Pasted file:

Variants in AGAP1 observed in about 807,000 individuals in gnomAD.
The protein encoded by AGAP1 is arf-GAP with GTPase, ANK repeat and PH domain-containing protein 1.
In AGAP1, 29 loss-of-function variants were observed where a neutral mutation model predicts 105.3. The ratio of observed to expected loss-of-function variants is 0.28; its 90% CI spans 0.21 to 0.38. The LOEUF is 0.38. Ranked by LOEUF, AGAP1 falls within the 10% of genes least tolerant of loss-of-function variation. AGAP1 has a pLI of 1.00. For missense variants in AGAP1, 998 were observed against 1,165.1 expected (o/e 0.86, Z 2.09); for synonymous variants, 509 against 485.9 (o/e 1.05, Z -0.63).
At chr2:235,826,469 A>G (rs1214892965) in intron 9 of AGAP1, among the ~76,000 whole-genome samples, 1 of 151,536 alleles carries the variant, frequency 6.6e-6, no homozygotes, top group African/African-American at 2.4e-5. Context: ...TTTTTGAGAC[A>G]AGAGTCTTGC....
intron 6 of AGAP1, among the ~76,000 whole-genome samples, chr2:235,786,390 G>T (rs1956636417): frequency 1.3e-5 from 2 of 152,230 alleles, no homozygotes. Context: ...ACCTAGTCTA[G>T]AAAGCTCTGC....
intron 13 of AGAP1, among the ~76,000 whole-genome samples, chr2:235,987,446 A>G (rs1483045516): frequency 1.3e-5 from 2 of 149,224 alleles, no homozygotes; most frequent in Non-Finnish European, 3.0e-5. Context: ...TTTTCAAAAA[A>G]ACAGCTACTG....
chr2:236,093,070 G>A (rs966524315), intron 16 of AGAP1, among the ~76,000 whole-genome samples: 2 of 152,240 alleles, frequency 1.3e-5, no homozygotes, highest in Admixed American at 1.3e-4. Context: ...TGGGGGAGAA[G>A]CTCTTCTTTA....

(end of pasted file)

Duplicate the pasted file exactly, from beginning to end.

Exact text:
Variants in AGAP1 observed in about 807,000 individuals in gnomAD.
The protein encoded by AGAP1 is arf-GAP with GTPase, ANK repeat and PH domain-containing protein 1.
In AGAP1, 29 loss-of-function variants were observed where a neutral mutation model predicts 105.3. The ratio of observed to expected loss-of-function variants is 0.28; its 90% CI spans 0.21 to 0.38. The LOEUF is 0.38. Ranked by LOEUF, AGAP1 falls within the 10% of genes least tolerant of loss-of-function variation. AGAP1 has a pLI of 1.00. For missense variants in AGAP1, 998 were observed against 1,165.1 expected (o/e 0.86, Z 2.09); for synonymous variants, 509 against 485.9 (o/e 1.05, Z -0.63).
At chr2:235,826,469 A>G (rs1214892965) in intron 9 of AGAP1, among the ~76,000 whole-genome samples, 1 of 151,536 alleles carries the variant, frequency 6.6e-6, no homozygotes, top group African/African-American at 2.4e-5. Context: ...TTTTTGAGAC[A>G]AGAGTCTTGC....
intron 6 of AGAP1, among the ~76,000 whole-genome samples, chr2:235,786,390 G>T (rs1956636417): frequency 1.3e-5 from 2 of 152,230 alleles, no homozygotes. Context: ...ACCTAGTCTA[G>T]AAAGCTCTGC....
intron 13 of AGAP1, among the ~76,000 whole-genome samples, chr2:235,987,446 A>G (rs1483045516): frequency 1.3e-5 from 2 of 149,224 alleles, no homozygotes; most frequent in Non-Finnish European, 3.0e-5. Context: ...TTTTCAAAAA[A>G]ACAGCTACTG....
chr2:236,093,070 G>A (rs966524315), intron 16 of AGAP1, among the ~76,000 whole-genome samples: 2 of 152,240 alleles, frequency 1.3e-5, no homozygotes, highest in Admixed American at 1.3e-4. Context: ...TGGGGGAGAA[G>A]CTCTTCTTTA....